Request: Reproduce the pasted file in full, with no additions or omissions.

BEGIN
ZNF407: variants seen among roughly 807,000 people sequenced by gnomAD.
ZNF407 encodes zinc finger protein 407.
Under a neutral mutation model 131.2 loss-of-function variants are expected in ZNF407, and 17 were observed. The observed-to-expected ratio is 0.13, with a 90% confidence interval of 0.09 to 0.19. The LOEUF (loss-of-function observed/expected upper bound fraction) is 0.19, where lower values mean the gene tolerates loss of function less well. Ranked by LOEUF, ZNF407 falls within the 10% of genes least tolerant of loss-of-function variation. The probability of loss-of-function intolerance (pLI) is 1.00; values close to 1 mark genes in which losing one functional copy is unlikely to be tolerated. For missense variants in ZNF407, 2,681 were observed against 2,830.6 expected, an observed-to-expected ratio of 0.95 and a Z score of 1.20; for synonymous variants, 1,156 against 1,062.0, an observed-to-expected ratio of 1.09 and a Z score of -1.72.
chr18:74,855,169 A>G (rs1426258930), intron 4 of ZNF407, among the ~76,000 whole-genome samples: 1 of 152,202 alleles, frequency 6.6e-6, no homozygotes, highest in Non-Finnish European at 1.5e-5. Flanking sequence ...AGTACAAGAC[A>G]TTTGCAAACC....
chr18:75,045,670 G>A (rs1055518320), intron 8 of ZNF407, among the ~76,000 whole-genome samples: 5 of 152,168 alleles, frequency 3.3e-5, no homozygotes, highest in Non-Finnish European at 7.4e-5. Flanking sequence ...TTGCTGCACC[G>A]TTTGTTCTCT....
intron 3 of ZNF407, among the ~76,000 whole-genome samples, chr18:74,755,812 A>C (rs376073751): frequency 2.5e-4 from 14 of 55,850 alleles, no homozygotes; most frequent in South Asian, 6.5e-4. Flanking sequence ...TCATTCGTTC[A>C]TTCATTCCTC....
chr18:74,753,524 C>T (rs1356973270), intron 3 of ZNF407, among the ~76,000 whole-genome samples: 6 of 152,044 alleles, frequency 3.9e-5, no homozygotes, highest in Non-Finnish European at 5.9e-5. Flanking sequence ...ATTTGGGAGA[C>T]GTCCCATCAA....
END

ZNF407: variants seen among roughly 807,000 people sequenced by gnomAD.
ZNF407 encodes zinc finger protein 407.
Under a neutral mutation model 131.2 loss-of-function variants are expected in ZNF407, and 17 were observed. The observed-to-expected ratio is 0.13, with a 90% confidence interval of 0.09 to 0.19. The LOEUF (loss-of-function observed/expected upper bound fraction) is 0.19, where lower values mean the gene tolerates loss of function less well. Ranked by LOEUF, ZNF407 falls within the 10% of genes least tolerant of loss-of-function variation. The probability of loss-of-function intolerance (pLI) is 1.00; values close to 1 mark genes in which losing one functional copy is unlikely to be tolerated. For missense variants in ZNF407, 2,681 were observed against 2,830.6 expected, an observed-to-expected ratio of 0.95 and a Z score of 1.20; for synonymous variants, 1,156 against 1,062.0, an observed-to-expected ratio of 1.09 and a Z score of -1.72.
chr18:74,855,169 A>G (rs1426258930), intron 4 of ZNF407, among the ~76,000 whole-genome samples: 1 of 152,202 alleles, frequency 6.6e-6, no homozygotes, highest in Non-Finnish European at 1.5e-5. Flanking sequence ...AGTACAAGAC[A>G]TTTGCAAACC....
chr18:75,045,670 G>A (rs1055518320), intron 8 of ZNF407, among the ~76,000 whole-genome samples: 5 of 152,168 alleles, frequency 3.3e-5, no homozygotes, highest in Non-Finnish European at 7.4e-5. Flanking sequence ...TTGCTGCACC[G>A]TTTGTTCTCT....
intron 3 of ZNF407, among the ~76,000 whole-genome samples, chr18:74,755,812 A>C (rs376073751): frequency 2.5e-4 from 14 of 55,850 alleles, no homozygotes; most frequent in South Asian, 6.5e-4. Flanking sequence ...TCATTCGTTC[A>C]TTCATTCCTC....
chr18:74,753,524 C>T (rs1356973270), intron 3 of ZNF407, among the ~76,000 whole-genome samples: 6 of 152,044 alleles, frequency 3.9e-5, no homozygotes, highest in Non-Finnish European at 5.9e-5. Flanking sequence ...ATTTGGGAGA[C>T]GTCCCATCAA....